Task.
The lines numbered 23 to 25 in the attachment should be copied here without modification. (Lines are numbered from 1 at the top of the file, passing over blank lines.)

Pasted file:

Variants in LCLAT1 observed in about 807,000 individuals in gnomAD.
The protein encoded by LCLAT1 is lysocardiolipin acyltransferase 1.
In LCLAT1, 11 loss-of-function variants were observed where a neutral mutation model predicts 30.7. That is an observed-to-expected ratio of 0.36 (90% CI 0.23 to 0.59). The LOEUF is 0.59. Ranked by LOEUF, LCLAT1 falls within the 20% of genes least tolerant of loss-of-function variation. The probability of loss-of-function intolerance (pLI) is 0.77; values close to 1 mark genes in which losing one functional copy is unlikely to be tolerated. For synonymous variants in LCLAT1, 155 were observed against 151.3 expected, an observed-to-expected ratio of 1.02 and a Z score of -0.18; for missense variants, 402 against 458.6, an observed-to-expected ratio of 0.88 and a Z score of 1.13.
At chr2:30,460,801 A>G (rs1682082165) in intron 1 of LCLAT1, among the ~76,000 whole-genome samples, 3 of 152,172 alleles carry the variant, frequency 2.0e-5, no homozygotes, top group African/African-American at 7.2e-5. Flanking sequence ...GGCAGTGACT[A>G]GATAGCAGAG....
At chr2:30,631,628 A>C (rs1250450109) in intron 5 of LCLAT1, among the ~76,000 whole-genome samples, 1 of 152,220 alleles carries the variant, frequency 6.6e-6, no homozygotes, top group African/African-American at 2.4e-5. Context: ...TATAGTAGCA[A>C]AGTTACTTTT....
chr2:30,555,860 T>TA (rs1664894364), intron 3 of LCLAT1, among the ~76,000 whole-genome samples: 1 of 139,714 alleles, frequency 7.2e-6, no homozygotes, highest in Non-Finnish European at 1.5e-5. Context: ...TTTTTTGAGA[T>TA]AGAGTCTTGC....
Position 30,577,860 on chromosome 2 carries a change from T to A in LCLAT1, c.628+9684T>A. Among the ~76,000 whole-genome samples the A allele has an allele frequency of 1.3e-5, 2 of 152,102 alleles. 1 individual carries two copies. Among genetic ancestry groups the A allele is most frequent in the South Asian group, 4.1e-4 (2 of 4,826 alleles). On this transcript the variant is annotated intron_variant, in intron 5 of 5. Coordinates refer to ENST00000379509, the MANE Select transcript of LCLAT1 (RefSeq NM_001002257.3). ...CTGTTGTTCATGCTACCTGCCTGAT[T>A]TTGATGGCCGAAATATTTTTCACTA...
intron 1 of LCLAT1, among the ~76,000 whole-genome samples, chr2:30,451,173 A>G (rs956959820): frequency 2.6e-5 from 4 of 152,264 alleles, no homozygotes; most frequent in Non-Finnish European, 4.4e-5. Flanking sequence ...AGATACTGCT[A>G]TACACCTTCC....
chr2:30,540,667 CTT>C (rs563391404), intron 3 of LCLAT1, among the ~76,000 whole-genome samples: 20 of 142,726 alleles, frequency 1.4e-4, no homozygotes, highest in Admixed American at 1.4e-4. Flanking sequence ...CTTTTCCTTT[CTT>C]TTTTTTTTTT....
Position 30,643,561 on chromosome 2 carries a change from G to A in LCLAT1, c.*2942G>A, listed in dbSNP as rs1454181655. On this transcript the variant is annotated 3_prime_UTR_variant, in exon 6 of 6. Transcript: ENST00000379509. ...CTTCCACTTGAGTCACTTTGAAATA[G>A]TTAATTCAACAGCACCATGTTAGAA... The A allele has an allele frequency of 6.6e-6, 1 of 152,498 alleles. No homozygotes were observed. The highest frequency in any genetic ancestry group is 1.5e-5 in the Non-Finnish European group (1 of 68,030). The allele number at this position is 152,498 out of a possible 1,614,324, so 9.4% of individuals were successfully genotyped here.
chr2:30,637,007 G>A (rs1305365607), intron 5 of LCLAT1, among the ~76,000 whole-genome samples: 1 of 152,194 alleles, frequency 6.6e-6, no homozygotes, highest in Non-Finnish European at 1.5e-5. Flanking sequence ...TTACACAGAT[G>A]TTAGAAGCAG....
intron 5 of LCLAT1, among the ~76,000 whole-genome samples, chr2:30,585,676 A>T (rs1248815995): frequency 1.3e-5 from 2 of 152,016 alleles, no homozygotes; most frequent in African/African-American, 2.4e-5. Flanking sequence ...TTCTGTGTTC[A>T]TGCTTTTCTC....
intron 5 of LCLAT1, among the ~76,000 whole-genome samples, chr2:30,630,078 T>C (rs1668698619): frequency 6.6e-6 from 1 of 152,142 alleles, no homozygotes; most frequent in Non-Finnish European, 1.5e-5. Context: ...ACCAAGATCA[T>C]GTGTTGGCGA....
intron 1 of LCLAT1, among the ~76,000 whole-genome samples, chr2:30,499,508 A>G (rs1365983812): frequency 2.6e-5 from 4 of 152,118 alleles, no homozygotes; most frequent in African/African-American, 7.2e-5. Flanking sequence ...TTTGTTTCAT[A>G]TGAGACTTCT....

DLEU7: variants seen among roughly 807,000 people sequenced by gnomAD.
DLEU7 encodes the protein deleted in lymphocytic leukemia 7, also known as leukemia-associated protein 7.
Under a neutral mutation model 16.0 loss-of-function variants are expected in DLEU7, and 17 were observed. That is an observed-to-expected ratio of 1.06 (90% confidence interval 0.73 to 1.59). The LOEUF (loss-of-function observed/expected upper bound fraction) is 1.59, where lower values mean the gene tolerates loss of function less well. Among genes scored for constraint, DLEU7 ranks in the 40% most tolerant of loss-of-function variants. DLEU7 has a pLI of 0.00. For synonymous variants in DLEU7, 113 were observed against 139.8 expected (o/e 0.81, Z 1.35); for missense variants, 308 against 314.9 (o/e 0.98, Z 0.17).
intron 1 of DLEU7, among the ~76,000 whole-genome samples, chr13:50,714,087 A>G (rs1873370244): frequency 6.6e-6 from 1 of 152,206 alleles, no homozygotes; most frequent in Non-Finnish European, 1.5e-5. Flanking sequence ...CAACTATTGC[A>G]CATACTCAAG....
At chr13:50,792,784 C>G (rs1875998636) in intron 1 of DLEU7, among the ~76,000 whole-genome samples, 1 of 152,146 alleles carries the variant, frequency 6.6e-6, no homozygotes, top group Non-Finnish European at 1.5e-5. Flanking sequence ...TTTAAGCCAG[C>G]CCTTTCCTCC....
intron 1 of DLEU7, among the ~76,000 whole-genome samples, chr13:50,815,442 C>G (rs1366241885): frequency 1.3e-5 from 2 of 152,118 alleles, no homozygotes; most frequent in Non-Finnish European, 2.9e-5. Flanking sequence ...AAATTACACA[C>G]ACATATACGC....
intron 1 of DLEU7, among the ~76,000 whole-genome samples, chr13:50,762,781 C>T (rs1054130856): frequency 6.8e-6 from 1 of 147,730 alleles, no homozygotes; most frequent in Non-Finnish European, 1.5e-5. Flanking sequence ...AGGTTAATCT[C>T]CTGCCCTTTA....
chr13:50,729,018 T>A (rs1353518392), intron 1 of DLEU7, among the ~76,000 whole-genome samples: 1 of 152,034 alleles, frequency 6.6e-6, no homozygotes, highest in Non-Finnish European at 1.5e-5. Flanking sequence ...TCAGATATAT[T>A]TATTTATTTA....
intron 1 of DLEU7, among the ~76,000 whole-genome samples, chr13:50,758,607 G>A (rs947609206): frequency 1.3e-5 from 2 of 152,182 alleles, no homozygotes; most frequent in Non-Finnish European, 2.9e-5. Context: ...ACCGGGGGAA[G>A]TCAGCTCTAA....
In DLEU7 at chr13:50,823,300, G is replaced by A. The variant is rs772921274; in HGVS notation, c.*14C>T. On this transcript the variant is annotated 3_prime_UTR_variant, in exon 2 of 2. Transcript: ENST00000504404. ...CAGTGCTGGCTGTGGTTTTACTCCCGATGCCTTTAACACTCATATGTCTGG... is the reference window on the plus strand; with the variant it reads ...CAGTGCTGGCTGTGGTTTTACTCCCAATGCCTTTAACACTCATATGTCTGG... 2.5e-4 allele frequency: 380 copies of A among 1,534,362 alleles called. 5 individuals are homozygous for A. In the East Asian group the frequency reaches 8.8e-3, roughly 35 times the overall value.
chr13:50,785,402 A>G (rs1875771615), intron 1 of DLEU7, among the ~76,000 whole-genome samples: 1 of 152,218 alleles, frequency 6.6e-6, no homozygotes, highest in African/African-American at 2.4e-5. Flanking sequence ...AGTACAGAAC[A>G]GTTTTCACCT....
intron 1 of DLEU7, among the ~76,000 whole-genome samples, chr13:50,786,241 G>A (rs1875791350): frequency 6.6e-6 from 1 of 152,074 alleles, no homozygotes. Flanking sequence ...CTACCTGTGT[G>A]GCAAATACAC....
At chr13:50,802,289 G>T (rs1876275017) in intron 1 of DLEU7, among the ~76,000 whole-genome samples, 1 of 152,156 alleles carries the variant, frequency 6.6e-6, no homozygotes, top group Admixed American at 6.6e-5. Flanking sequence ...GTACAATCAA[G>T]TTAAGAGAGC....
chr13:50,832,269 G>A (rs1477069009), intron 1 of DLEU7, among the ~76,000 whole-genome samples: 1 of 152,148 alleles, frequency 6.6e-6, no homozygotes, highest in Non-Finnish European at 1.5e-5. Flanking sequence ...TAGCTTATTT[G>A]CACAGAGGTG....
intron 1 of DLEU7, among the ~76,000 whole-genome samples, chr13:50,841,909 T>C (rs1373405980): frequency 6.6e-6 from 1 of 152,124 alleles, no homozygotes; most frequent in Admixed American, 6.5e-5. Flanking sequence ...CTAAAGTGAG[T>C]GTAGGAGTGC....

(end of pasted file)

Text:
intron 1 of DLEU7, among the ~76,000 whole-genome samples, chr13:50,758,607 G>A (rs947609206): frequency 1.3e-5 from 2 of 152,182 alleles, no homozygotes; most frequent in Non-Finnish European, 2.9e-5. Context: ...ACCGGGGGAA[G>A]TCAGCTCTAA....
In DLEU7 at chr13:50,823,300, G is replaced by A. The variant is rs772921274; in HGVS notation, c.*14C>T. On this transcript the variant is annotated 3_prime_UTR_variant, in exon 2 of 2. Transcript: ENST00000504404. ...CAGTGCTGGCTGTGGTTTTACTCCCGATGCCTTTAACACTCATATGTCTGG... is the reference window on the plus strand; with the variant it reads ...CAGTGCTGGCTGTGGTTTTACTCCCAATGCCTTTAACACTCATATGTCTGG... 2.5e-4 allele frequency: 380 copies of A among 1,534,362 alleles called. 5 individuals are homozygous for A. In the East Asian group the frequency reaches 8.8e-3, roughly 35 times the overall value.
chr13:50,785,402 A>G (rs1875771615), intron 1 of DLEU7, among the ~76,000 whole-genome samples: 1 of 152,218 alleles, frequency 6.6e-6, no homozygotes, highest in African/African-American at 2.4e-5. Flanking sequence ...AGTACAGAAC[A>G]GTTTTCACCT....